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Lessons of the Irish Hunger Strikes - Part 1

Near the Beechmount area, in Belfast’s Falls Road, there is a mural of the ten prisoners who died in the 2nd great hunger strike of 1981. What strikes you, as you approach from afar, is the beaming smiles they share.  The subliminal message is that they would have approved the outcome that we live in today.  Inevitably there is a battle about who inherits the mantle of the hunger strikes and about the interpretation of their significance.

Many years after the hunger strikes, in the later phases of the implementation of the good Friday agreement, the first shot was fired in that battle. A local luminary in West Belfast who was both a member of Sinn Fein and a strong supporter of the agreement, remarked that the hunger strikers has died of because they lacked negotiating skills.

The resulting fury was quickly glossed over by the republicans, but in fact the remark was indicative of a commonplace view - that behind the hunger strike was a hidden battle of diplomacy between Irish nationalism and the British. It's a view that justifies and underpins a whole secret history of the hunger strike which eventually led Sinn Fein first to capitulate to Irish nationalism and the church and then, in alliance with the nationalists, reach an accommodation with imperialism.

Another view, perhaps the most widespread, views the hunger strike as essentially an act of heroism and the struggle as essentially the continuation of a military conflict between the IRA and the British.

There is a further, forgotten view. This was that, although the hunger strike was at the centre of the struggle, its essential dynamic was mass struggle - the mobilisation and organisation of a significant section of the Irish population, attempting to broaden out its base to the point where the majority of the Irish population mobilized against the British and called into action working-class support around the globe.

Within this mass campaign was hidden critical class tensions.  The struggle could either shift to the left and move into conflict with Irish capital and its policy of collaboration with capitalism or it could shift right, join with the capitalist parties and seek an accommodation with imperialism.

This forgotten history of mass and class struggle is important.

It’s important because it both explains the history of the hunger strike within a wider struggle and links the strike to the reality of people’s everyday lives. Joining in the campaign was not simply an act of solidarity.  It was an act of self-defence – an attempt to push back a British offensive that was never meant simply to attack prisoners but also to silence mass struggle and delegitimise resistance to British rule.

This history situates the hunger strike within the ebb and flow of earlier struggles within the 30 years of the troubles and identifies it as a decisive moment when the maximum weight available to the republican milieu was locked in a decisive battle with the full force of British imperialism.  The battle cost Britain a great deal, but at the end imperialism still stood and the mass movement was dispersed and demobilised.  What was left was electoral gains for Sinn Fein – a pale shadow of the energy, organisation and consciousness there before. This was all the more so as Sinn Fein at the end of the hunger strike had already applied to be junior partner to the nationalist family and was moving steadily to the right.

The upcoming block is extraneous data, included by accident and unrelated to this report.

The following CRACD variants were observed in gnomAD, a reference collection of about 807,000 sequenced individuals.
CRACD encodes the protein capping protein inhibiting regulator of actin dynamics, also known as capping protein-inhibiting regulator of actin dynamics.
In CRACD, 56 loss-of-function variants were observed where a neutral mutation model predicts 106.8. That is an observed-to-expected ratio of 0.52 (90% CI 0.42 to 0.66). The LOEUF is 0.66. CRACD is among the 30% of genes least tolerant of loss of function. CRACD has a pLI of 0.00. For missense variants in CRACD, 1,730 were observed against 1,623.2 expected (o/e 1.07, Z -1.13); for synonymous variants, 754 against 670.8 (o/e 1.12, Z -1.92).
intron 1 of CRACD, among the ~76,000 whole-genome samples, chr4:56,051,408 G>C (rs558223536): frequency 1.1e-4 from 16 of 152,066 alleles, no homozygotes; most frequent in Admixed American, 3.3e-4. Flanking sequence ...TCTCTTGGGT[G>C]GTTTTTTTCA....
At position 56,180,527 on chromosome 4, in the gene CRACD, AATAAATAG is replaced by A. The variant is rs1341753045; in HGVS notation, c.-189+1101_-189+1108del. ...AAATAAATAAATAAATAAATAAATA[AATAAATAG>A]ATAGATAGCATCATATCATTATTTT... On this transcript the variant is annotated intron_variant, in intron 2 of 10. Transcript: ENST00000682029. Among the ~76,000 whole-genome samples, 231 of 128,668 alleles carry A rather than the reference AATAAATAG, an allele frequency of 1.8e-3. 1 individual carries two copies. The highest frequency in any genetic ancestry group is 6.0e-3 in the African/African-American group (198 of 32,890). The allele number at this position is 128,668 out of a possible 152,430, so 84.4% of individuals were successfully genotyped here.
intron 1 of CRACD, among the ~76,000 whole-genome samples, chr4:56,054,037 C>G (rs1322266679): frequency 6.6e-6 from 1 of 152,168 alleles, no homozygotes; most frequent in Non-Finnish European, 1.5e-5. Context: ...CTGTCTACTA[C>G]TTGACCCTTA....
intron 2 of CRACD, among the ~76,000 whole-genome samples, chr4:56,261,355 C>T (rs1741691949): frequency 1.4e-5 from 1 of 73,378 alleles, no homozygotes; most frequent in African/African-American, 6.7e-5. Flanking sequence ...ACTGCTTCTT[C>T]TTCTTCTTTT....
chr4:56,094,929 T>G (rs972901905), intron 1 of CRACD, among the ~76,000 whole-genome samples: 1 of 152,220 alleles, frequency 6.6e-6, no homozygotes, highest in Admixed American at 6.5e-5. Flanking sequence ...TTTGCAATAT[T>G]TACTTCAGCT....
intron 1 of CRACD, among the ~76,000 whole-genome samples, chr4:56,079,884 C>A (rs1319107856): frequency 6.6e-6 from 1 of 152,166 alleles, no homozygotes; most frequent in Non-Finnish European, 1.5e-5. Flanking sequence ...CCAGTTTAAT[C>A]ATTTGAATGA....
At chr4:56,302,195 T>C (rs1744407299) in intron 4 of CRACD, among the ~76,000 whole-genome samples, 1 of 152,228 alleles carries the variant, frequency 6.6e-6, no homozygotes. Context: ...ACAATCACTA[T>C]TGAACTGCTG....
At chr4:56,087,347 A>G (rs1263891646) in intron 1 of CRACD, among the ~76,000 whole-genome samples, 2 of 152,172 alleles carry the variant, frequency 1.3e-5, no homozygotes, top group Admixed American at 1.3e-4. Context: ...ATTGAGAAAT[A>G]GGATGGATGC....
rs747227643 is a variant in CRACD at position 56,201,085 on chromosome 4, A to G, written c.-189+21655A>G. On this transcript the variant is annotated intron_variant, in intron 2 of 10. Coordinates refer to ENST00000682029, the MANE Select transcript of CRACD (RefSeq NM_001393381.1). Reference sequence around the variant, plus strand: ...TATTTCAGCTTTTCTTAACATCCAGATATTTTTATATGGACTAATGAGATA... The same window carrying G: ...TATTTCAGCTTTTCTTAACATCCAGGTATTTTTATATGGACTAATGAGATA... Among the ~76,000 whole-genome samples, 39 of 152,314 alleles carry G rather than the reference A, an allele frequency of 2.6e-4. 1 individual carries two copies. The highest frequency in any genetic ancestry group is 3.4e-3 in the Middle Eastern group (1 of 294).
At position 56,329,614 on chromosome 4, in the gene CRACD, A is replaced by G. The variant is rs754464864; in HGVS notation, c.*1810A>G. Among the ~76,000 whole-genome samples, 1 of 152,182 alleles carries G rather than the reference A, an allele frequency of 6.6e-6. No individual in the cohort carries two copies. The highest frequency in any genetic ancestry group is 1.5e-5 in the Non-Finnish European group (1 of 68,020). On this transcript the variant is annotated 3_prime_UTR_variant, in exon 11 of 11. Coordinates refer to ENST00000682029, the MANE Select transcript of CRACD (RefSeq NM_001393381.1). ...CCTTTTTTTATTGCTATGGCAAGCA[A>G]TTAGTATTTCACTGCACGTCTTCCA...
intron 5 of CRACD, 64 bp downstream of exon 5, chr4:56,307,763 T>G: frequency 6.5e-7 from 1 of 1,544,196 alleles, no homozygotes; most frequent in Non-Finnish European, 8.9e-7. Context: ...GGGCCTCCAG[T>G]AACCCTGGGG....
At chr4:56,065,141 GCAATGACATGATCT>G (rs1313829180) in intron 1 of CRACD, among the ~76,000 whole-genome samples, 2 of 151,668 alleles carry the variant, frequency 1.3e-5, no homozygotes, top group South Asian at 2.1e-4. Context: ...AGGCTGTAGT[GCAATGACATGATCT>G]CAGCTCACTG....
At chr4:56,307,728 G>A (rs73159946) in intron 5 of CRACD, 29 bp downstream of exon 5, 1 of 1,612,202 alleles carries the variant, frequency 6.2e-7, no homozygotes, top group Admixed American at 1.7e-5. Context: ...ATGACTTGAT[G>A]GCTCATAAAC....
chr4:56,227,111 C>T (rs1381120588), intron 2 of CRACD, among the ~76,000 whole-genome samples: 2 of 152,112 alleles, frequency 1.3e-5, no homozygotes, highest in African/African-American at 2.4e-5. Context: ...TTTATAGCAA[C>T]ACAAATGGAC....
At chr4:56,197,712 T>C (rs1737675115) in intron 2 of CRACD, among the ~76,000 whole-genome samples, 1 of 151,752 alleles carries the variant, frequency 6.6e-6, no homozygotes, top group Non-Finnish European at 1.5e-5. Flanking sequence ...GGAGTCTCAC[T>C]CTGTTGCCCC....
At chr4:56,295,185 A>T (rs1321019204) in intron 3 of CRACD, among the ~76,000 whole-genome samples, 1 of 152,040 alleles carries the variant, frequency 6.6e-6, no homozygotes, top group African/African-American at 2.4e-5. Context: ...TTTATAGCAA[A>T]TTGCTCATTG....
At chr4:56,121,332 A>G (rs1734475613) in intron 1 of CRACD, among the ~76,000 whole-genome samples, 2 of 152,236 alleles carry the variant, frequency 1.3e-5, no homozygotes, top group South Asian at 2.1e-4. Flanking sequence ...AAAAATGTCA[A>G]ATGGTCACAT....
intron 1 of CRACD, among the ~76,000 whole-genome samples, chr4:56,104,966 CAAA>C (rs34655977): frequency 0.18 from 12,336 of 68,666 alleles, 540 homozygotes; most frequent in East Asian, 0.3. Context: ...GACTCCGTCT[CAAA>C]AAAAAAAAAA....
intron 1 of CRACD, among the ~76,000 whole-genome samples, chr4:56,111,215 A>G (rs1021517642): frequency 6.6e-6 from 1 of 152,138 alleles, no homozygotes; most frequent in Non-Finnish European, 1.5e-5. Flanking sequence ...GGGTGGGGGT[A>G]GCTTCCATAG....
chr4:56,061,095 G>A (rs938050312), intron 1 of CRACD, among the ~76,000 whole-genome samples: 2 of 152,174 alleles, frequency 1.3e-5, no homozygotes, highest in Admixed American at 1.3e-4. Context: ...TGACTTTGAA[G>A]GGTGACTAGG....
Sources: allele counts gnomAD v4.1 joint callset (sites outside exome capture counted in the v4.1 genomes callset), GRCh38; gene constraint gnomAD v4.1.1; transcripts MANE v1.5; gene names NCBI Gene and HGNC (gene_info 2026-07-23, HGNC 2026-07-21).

When we understand this we see the link between the hunger strikes and the Good Friday agreement. The hunger strike campaign was the maximum that the republicans could muster.  They had already abandoned the inflated claims of militarism by recognising that IRA actions had no real place in the campaign. A movement, supposedly with the power to force Britain out of Ireland, was unable to change British policy on prisoners. In fact, armed actions would have to be suppressed to build the movement. The mass movement that was built was enough to damage the British and make it worthwhile to make some concessions to the republicans but insufficient to win, to force the British back.  When Sinn Fein and the IRA faced up to that reality and began a process of secret diplomacy with the church and Fianna Fail they broke with their tradition of irreconcilable opposition to imperialism and adopted a policy of accommodation and reform.  Defeated in their attempt to build revolution, they were equally unable to win genuine reform.  The outcome was the solution favoured by Irish capital – an undemocratic settlement that aimed for stability.

A class history of the Hunger strike is important above all because it points a way forward.  The radicalism of the H-block movement tended to stop at the border.  In elections we asked southern workers if we could borrow their vote and abstained on all the issues directly affecting them.  Not surprisingly we got mass sympathy but only a limited direct support. A new starting point is to rebuild the self-organisation of the masses and this can only be done if we appeal above all to the working class.  The Good Friday agreement is the outcome of defeat.  It represents the interests of imperialism and capitalism.  A new resistance will be built by opposing the agreement, by adopting the irreconcilable support for democracy and opposition to imperialism represented by the old demand “Smash Stormont” and by ruling out any front with an Irish capital which shows itself both unable to support genuine democracy and all too willing to further exploit and divide the Irish working class in the interests of imperialism.



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